Scotland's U St. Andrews PhD offerings don't require a masters degree, it was one of the schools I applied to this year (ultimately I decided on one of the US schools I got into before I heard back from them). They had a variety of thesis topics out there with some pretty established faculty. I think Eric Priest is still around as an emeritus faculty member, not sure how active their Solar theory group is nowadays though. Didn't see any thesis offerings on Solar physics topics, then again I didn't check their math department which is where E. Priest and co. work(ed).
 
Last edited:
  • #6
mal4mac said:
To help with Google searches, at least, note that In the UK, and in most of Europe, there is no such thing as "grad school". If you want to do a PhD in physics, then you should look for PhD opportunities in physics, not "grad school" in physics.

I wasn't certain this was an important distinction, actually. Not being aware of the need for an MS in parts of Europe, the terms "Ph.D opportunities" and "grad school" have become mostly synonymous in my mind.
 

Related to Grad school and career questions from an aspring astrophysicist

1. What is the typical path towards becoming an astrophysicist?

The typical path towards becoming an astrophysicist involves obtaining a bachelor's degree in physics or a related field, followed by a master's degree in astrophysics or a similar subject. Many aspiring astrophysicists then go on to pursue a PhD in astrophysics, which typically takes an additional 4-6 years of study. After completing a PhD, some astrophysicists may continue their education with postdoctoral research positions before securing a permanent position in academia or industry.

2. What skills are necessary for success in astrophysics?

In addition to a strong foundation in physics and mathematics, successful astrophysicists possess skills in critical thinking, problem-solving, and data analysis. They also have a strong understanding of computer programming and proficiency in using specialized software and tools for data analysis and simulations. Good communication skills are also important, as astrophysicists often work in teams and must be able to present their findings to others.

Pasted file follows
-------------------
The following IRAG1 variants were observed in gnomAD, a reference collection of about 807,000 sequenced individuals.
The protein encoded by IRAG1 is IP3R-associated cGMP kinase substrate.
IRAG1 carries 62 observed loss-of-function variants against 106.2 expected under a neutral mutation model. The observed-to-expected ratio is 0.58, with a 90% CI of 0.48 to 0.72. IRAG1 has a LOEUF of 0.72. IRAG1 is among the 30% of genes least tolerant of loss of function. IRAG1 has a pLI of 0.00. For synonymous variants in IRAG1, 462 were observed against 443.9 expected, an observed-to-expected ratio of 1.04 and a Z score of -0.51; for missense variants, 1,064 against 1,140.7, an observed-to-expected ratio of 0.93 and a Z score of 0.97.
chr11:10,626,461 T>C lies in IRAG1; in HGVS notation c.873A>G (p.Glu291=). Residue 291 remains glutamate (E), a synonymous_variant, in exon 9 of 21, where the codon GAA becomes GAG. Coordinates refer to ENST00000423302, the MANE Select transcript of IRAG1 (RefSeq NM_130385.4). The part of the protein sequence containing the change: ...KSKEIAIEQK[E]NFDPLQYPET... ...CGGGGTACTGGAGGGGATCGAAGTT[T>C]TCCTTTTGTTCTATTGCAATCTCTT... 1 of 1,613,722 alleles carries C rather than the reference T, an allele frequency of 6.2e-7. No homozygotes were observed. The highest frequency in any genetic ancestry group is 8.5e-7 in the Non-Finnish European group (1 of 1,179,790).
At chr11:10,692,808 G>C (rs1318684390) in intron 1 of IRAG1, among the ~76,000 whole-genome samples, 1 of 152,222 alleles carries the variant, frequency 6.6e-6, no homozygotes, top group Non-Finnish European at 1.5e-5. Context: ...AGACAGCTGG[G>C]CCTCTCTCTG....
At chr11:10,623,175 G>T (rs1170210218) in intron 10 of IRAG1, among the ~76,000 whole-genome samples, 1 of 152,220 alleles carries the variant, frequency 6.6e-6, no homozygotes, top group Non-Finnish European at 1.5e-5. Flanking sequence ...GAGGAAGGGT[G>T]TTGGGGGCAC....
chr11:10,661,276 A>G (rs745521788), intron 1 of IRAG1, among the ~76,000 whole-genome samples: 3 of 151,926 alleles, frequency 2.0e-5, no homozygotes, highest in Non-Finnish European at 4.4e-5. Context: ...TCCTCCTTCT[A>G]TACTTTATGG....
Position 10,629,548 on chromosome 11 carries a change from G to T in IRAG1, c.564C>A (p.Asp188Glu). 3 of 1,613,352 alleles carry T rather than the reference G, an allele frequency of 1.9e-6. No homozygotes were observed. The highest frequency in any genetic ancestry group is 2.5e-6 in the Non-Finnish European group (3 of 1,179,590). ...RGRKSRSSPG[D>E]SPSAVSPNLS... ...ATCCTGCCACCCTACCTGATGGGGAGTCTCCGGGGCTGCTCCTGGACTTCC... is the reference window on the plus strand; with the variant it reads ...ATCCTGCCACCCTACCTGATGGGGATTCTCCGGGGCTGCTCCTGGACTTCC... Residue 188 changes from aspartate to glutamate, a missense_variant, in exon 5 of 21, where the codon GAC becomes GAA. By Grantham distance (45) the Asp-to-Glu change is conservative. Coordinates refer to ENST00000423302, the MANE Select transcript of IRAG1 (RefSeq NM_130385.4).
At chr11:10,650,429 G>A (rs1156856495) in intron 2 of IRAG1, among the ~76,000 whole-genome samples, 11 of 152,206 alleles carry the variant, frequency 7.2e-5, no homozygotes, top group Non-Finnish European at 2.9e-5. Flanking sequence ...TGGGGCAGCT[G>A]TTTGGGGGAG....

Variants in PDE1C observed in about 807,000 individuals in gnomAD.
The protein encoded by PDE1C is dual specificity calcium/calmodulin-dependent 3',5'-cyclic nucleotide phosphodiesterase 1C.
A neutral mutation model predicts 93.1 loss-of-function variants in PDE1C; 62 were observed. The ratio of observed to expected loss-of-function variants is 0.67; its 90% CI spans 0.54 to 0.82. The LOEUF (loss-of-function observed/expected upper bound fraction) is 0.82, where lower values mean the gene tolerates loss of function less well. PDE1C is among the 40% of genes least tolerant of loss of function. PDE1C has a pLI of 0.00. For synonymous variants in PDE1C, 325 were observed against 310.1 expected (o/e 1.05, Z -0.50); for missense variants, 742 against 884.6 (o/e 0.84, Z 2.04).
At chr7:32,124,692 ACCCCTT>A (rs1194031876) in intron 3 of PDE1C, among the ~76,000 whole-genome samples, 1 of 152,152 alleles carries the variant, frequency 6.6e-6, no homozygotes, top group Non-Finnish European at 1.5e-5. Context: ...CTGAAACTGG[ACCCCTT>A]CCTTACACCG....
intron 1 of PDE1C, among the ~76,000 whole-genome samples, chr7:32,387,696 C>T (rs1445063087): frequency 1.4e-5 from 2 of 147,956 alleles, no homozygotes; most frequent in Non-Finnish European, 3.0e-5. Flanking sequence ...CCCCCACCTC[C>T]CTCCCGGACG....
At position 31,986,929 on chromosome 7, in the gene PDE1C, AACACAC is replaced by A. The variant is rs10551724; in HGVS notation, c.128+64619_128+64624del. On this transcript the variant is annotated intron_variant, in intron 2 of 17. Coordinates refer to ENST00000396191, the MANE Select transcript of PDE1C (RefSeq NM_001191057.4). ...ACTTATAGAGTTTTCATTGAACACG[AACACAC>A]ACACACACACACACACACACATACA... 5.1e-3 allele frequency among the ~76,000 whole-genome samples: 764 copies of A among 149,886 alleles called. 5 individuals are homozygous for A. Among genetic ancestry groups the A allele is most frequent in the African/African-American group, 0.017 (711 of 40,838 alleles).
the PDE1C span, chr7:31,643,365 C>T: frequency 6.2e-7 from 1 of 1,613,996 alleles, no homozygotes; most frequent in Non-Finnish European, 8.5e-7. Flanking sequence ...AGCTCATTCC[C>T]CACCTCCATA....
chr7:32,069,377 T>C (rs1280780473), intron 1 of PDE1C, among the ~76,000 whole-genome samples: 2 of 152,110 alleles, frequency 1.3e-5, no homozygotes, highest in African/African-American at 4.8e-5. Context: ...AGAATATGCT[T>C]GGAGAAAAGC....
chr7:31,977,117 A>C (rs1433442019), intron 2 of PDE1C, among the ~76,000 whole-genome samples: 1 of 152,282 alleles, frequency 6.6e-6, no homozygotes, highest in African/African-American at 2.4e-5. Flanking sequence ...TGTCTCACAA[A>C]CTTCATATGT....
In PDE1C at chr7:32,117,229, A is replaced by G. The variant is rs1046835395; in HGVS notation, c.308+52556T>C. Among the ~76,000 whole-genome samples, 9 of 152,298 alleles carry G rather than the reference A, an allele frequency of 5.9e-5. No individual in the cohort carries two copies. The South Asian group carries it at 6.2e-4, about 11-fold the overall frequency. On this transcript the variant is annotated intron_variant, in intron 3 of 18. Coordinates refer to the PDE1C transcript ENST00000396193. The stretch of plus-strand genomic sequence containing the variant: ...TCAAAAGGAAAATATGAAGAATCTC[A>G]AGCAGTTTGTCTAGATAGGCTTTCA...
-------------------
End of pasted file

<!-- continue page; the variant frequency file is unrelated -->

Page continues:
3. What career options are available for aspiring astrophysicists?

There are a variety of career options available for aspiring astrophysicists. Many choose to pursue academic careers, working as professors or researchers at universities or research institutions. Others may work in government agencies, such as NASA, or in the private sector for companies involved in space exploration and technology. Some astrophysicists also work in science communication, using their knowledge to educate the public about space and astronomy.

4. How important is research experience for aspiring astrophysicists?

Research experience is extremely important for aspiring astrophysicists. Not only does it provide hands-on experience in conducting scientific research, but it also allows individuals to develop important skills and build a strong network within the field. Research experience can also be valuable when applying to graduate programs or for job opportunities in academia or industry.

5. What are some challenges facing the field of astrophysics?

One of the biggest challenges facing the field of astrophysics is securing funding for research. As government budgets for science and research continue to decrease, it can be difficult for astrophysicists to obtain the resources needed to conduct their research. Additionally, the field is highly competitive, with a limited number of job opportunities available. This can make it challenging for aspiring astrophysicists to secure a permanent position in the field.

Similar threads

  • STEM Academic Advising
Replies
18
Views
2K
  • STEM Academic Advising
Replies
3
Views
1K
  • STEM Academic Advising
Replies
12
Views
502
Replies
3
Views
1K
  • STEM Academic Advising
Replies
7
Views
2K
Replies
15
Views
2K
Replies
16
Views
2K
  • STEM Academic Advising
Replies
28
Views
3K
  • STEM Academic Advising
Replies
3
Views
1K
  • STEM Academic Advising
Replies
26
Views
2K
Back
Top